Sunday, December 02, 2007

The Golden Compass, starring Nicole Kidman, Daniel Craig and Dakota Blue Richardson: My Take On The Religious Issues

Read my review of the movie on Part 1 of this article, published on the previous page of this blog post.

The media reports that anti-God portions in the books were watered down in The Golden Compass, the movie, must be accurate, because I didn't see or hear anything, direct or subtle, that said “God is bad” or “believing in God is bad.”

Of course if you’re predisposed to look for such a message, on the basis that the books are a tool against God, then you’d likely find it. But I would have no religious concerns if Baby wanted to watch the movie.

I also think concerned Christians should remember that free choice is critical to the Christian faith. I want Baby to have faith in God because she chooses to do so, being fully informed that other people have made different choices, not because I’m attempting to brainwash her.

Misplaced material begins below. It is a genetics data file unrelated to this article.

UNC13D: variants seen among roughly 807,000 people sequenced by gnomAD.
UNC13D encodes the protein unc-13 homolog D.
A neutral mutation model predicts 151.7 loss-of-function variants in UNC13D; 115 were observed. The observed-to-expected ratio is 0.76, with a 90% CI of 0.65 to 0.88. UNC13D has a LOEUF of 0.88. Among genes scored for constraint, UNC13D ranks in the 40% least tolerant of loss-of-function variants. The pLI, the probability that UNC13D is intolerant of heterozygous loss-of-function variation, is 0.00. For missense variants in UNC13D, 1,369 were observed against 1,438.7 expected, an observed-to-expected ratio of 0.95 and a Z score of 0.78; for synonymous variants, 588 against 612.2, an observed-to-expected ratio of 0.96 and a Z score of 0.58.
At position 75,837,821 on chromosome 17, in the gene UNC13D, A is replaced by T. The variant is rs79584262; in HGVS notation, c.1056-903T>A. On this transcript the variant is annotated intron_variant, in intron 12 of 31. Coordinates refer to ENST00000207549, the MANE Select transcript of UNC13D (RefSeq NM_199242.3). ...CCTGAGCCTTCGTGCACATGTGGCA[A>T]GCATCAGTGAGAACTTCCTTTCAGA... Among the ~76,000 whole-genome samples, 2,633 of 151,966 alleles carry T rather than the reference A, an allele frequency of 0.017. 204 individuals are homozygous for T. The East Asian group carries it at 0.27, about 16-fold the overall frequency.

One of the biggest stumbling blocks, I think, that religious parents face is that they try to impose their beliefs on their children in the name of “protecting them.” This problem cuts across religions.

Sadly, these kids grow to become teenagers and adults who feel lied to and imprisoned, and they "escape."

You've probably met the adults I'm talking about. They grew up in devout families, and hate religion with a passion most of us reserve for our enemies.

They speak bitterly about the “brainwashing” attempted by their parents and the church and see themselves as victims of misinformation.

Saying you meant well, or even hiding behind claims that your child is "lost" or "a backslider" is no answer, because the faith loses someone who might have stayed if given a real choice at the beginning.

Ironically, the central theme of The Golden Compass is that people should have free choice in their beliefs.

You know what bugs me? I never read Pullman, so I don’t know if his books are good or not from a literary perspective. [I never heard of him or The Golden Compass until I received an invitation to the movie]

Does he create interesting characters, going through remarkable events in a well-told tale? Do the books have any merit beyond the fact that they challenge belief in God and this is a time when demons as literary characters are popular?

The Golden Compass opens in theatres on the 7 December.

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